January 30, 2022 Analysis of US state data
The characteristic Omicron signature of rapid growth in cases and hospital admissions, has been visible in all US states for several weeks. This was followed by a dramatic reduction in growth rate near the end of December, as reported in previous reports. Many states are now past the peak in daily cases and hospital admissions.
This report shows the result of analyses that use hospital admission data to estimate the transmission rate following the rapid transition to lower growth rate. The only parameters adjusted are the current transmission rate (assumed constant since the transition near the end of December), and normalization constants. Hospital admission data are used, to avoid testing capacity issues and to better predict future hospital admission rates.
Rapid reduction in Omicron growth rates
As usual, the infection model is defined by fitting the model to the case data, and the hospitalization and deaths models are derived from the infection model. To estimate the current transmission rate of Omicron, however, hospital admission data are used.
The Omicron variant is assumed to have a much larger susceptible population, due to its ability to evade immunity (natural and vaccination immunity). For this study, those immunized against earlier strains only have 20% effective immunity against omicron.
Booster doses have been included in this analysis, and are assumed to raise the vaccine effectiveness from 20% to 80% with a time delay given by a gamma distribution with mean 10 days and standard deviation 5 days.
The Omicron variant is also assumed to produce more infections that go undetected as cases. The reporting fraction of omicron infections is assumed to be 0.6 times that of Delta infections. This has the effect of reducing peak infection and hospitalization rates. The scaling of the reporting fraction had been 0.4 in previous analyses of US data, but is changed to 0.6, given the inclusion of boosters in the model, which increases population immunity.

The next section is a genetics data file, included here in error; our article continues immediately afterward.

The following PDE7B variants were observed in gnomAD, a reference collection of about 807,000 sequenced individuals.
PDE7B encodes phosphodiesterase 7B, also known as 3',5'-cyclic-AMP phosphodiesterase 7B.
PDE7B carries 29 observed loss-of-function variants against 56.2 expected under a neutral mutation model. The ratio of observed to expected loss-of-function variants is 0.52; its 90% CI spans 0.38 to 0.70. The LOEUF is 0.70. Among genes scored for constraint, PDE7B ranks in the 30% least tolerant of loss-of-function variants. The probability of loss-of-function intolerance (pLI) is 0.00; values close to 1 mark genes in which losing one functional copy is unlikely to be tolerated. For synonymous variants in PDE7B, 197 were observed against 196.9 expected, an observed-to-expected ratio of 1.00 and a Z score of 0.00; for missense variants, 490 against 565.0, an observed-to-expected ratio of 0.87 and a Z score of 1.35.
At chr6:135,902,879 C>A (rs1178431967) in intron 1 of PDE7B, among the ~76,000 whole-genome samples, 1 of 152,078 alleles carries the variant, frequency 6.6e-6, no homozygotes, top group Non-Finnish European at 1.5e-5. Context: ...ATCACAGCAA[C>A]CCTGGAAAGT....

The green points are the daily cases, the grey points the daily hospitalizations, The larger circles are weekly averages to help guide the eye.
The case data are used to define the periods for which transmission rate appears to be constant. The vertical dashed lines show where the transmission rate is changed. If the susceptible fraction is constant (immunity not changing quickly), constant transmission rates lead to steady exponential growth or decline. With immunity growing, the curves bend downwards due to the herd effect. Interpretting the growth of Omicron with changing Delta rates growth rates leads to additional uncertainty in the interpretations.
Individual state hospitalization analyses
The plots for each state below show the case, hospital admisions, and deaths data since October 15 2021, on a linear scale (left) and log scale (right). The right figures show how the model attributes cases from Delta and Omicron infections, and the hospital admissions from Omicron infections. Omicron hospital admissions make a useful metric to compare the growth of Omicron across different states, removing the widely variable Delta hospital admissions.
The left plots also show the hospital admission model curves from the previous week’s analysis, to show the degree of variability when new data is included. For those states where peak hospital admission was reached more than a week ago, the new model projections are typically close to the previous week’s projection, as expected.
The model is able to describe data from the states by introducing a transition to lower transmission rate near the end of December 2021. This introduces a kink in the log scale plots (as constant transmission rate corresponds to straight lines, if population immunity is roughly constant).
Following the individual state plots, summaries of all states are shown below.
District Of Columbia
Comparisons of Omicron daily hospital admissions
Hospital admissions can be used in a per-capita comparison of infections between states, avoiding potential issues with test capacity. Using Omicron hospital admissions removes the variability of the Delta hospital admissions taking place during the emergence of Omicron. This metric relies on a model to attribute hospital admissions during the phase when Delta contributes a substantial fraction of hospital admissions.
The plot below shows this metric, aligned on the day that Omicron hospital admissions first exceeded 2 per day per 100,000. The solid lines end on January 23, and the dashed lines show model projections.
The same figure shown in log scale:
The following plots show the combined US 4 week forecast. The shaded areas are 50%, 80%, and 95% intervals. Overall, case rates and hospitalizations are expected to begin declining while deaths are forecast to grow.